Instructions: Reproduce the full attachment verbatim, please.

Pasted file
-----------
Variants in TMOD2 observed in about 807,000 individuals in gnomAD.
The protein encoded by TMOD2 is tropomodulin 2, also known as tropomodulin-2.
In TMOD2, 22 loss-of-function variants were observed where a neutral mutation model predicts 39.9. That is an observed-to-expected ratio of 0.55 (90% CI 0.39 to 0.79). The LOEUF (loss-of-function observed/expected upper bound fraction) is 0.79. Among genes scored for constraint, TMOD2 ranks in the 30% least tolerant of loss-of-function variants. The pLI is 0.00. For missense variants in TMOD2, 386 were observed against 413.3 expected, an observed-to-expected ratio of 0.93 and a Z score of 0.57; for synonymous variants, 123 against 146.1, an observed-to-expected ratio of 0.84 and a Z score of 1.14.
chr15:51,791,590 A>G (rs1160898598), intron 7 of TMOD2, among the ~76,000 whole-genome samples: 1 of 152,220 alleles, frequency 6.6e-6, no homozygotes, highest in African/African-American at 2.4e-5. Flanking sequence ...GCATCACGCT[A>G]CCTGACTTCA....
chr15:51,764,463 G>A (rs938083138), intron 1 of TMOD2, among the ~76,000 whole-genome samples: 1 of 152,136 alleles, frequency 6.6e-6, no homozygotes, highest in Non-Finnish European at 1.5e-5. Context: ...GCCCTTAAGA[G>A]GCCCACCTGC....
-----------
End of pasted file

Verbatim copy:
Variants in TMOD2 observed in about 807,000 individuals in gnomAD.
The protein encoded by TMOD2 is tropomodulin 2, also known as tropomodulin-2.
In TMOD2, 22 loss-of-function variants were observed where a neutral mutation model predicts 39.9. That is an observed-to-expected ratio of 0.55 (90% CI 0.39 to 0.79). The LOEUF (loss-of-function observed/expected upper bound fraction) is 0.79. Among genes scored for constraint, TMOD2 ranks in the 30% least tolerant of loss-of-function variants. The pLI is 0.00. For missense variants in TMOD2, 386 were observed against 413.3 expected, an observed-to-expected ratio of 0.93 and a Z score of 0.57; for synonymous variants, 123 against 146.1, an observed-to-expected ratio of 0.84 and a Z score of 1.14.
chr15:51,791,590 A>G (rs1160898598), intron 7 of TMOD2, among the ~76,000 whole-genome samples: 1 of 152,220 alleles, frequency 6.6e-6, no homozygotes, highest in African/African-American at 2.4e-5. Flanking sequence ...GCATCACGCT[A>G]CCTGACTTCA....
chr15:51,764,463 G>A (rs938083138), intron 1 of TMOD2, among the ~76,000 whole-genome samples: 1 of 152,136 alleles, frequency 6.6e-6, no homozygotes, highest in Non-Finnish European at 1.5e-5. Context: ...GCCCTTAAGA[G>A]GCCCACCTGC....